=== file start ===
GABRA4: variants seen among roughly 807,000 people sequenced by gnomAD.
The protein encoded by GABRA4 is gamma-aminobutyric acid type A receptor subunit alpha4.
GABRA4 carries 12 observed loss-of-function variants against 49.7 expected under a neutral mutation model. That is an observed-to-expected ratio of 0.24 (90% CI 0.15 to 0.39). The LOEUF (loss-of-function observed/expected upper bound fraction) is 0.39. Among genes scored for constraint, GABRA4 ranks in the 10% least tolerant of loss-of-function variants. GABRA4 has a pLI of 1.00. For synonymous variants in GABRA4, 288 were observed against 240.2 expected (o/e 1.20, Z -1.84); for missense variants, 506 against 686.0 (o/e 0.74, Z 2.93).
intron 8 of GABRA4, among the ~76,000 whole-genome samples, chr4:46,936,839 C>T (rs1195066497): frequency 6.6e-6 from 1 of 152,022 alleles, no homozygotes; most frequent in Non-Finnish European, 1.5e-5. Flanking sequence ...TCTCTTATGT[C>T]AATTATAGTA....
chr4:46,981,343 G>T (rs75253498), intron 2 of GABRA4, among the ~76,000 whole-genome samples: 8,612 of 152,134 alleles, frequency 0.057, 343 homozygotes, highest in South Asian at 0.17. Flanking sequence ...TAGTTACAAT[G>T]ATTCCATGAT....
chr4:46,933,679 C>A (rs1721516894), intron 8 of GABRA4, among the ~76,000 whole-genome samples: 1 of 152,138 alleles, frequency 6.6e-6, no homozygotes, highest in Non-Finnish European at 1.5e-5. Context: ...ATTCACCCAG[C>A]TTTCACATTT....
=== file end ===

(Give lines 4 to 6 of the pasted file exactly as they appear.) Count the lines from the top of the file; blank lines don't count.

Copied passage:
intron 8 of GABRA4, among the ~76,000 whole-genome samples, chr4:46,936,839 C>T (rs1195066497): frequency 6.6e-6 from 1 of 152,022 alleles, no homozygotes; most frequent in Non-Finnish European, 1.5e-5. Flanking sequence ...TCTCTTATGT[C>T]AATTATAGTA....
chr4:46,981,343 G>T (rs75253498), intron 2 of GABRA4, among the ~76,000 whole-genome samples: 8,612 of 152,134 alleles, frequency 0.057, 343 homozygotes, highest in South Asian at 0.17. Flanking sequence ...TAGTTACAAT[G>T]ATTCCATGAT....
chr4:46,933,679 C>A (rs1721516894), intron 8 of GABRA4, among the ~76,000 whole-genome samples: 1 of 152,138 alleles, frequency 6.6e-6, no homozygotes, highest in Non-Finnish European at 1.5e-5. Context: ...ATTCACCCAG[C>A]TTTCACATTT....